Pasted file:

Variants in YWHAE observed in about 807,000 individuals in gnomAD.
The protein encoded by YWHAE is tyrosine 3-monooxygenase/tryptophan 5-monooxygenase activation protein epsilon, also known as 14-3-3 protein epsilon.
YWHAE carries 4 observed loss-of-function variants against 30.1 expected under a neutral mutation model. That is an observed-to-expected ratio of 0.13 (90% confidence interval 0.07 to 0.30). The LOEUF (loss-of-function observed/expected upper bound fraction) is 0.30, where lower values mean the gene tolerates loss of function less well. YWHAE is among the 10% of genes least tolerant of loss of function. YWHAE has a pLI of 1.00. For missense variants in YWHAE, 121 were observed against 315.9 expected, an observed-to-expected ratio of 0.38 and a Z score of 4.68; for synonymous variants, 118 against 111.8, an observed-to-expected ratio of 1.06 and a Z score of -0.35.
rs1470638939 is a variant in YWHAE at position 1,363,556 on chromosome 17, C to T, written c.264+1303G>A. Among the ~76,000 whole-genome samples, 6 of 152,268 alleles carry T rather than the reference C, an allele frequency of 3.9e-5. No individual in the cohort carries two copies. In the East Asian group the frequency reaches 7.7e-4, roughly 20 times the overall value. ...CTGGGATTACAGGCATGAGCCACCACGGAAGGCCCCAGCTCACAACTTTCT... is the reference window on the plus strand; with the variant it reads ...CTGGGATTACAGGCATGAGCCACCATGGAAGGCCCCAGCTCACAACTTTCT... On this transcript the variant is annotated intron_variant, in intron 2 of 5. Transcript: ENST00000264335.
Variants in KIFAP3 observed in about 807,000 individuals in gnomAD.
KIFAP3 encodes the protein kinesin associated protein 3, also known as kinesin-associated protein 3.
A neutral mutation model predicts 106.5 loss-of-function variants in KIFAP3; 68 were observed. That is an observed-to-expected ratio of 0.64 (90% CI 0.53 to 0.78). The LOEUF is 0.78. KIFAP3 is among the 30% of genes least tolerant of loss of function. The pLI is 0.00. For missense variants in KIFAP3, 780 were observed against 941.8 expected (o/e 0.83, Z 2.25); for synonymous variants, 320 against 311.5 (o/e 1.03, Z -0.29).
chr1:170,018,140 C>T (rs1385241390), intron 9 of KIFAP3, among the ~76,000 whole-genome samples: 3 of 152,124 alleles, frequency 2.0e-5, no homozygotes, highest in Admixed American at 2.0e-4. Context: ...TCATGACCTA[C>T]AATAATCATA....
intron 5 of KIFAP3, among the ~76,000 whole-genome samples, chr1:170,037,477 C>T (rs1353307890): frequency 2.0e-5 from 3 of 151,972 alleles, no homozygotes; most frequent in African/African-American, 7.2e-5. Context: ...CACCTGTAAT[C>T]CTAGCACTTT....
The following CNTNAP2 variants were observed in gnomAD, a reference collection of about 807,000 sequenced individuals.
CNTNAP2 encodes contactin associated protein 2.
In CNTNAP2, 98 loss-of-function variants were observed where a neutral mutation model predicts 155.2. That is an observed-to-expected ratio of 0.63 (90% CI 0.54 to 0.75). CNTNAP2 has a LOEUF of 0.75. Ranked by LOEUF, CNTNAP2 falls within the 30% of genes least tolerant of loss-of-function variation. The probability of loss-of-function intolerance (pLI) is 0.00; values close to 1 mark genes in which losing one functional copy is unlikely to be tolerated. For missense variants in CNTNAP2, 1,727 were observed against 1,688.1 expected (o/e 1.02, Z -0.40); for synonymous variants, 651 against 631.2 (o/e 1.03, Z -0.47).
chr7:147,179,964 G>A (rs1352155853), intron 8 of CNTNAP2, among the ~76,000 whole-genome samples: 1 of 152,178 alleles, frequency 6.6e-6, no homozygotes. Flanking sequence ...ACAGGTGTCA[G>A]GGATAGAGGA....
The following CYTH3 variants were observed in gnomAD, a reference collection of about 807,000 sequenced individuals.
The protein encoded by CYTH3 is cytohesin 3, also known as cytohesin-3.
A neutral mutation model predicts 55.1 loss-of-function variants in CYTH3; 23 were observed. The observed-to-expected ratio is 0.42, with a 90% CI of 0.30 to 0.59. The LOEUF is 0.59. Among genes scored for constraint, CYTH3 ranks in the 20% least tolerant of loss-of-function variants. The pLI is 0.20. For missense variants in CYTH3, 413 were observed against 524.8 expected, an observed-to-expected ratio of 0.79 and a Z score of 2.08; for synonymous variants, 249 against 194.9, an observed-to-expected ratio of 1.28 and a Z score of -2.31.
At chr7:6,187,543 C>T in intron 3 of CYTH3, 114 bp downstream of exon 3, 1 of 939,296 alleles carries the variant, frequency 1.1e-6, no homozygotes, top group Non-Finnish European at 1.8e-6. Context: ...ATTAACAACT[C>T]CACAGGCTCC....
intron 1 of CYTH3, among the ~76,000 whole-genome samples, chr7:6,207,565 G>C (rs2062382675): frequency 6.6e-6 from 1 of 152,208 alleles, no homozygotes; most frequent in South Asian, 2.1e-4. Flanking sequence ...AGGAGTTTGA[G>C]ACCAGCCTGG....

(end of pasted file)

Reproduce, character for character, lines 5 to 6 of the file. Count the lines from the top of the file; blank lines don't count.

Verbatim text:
Variants in KIFAP3 observed in about 807,000 individuals in gnomAD.
KIFAP3 encodes the protein kinesin associated protein 3, also known as kinesin-associated protein 3.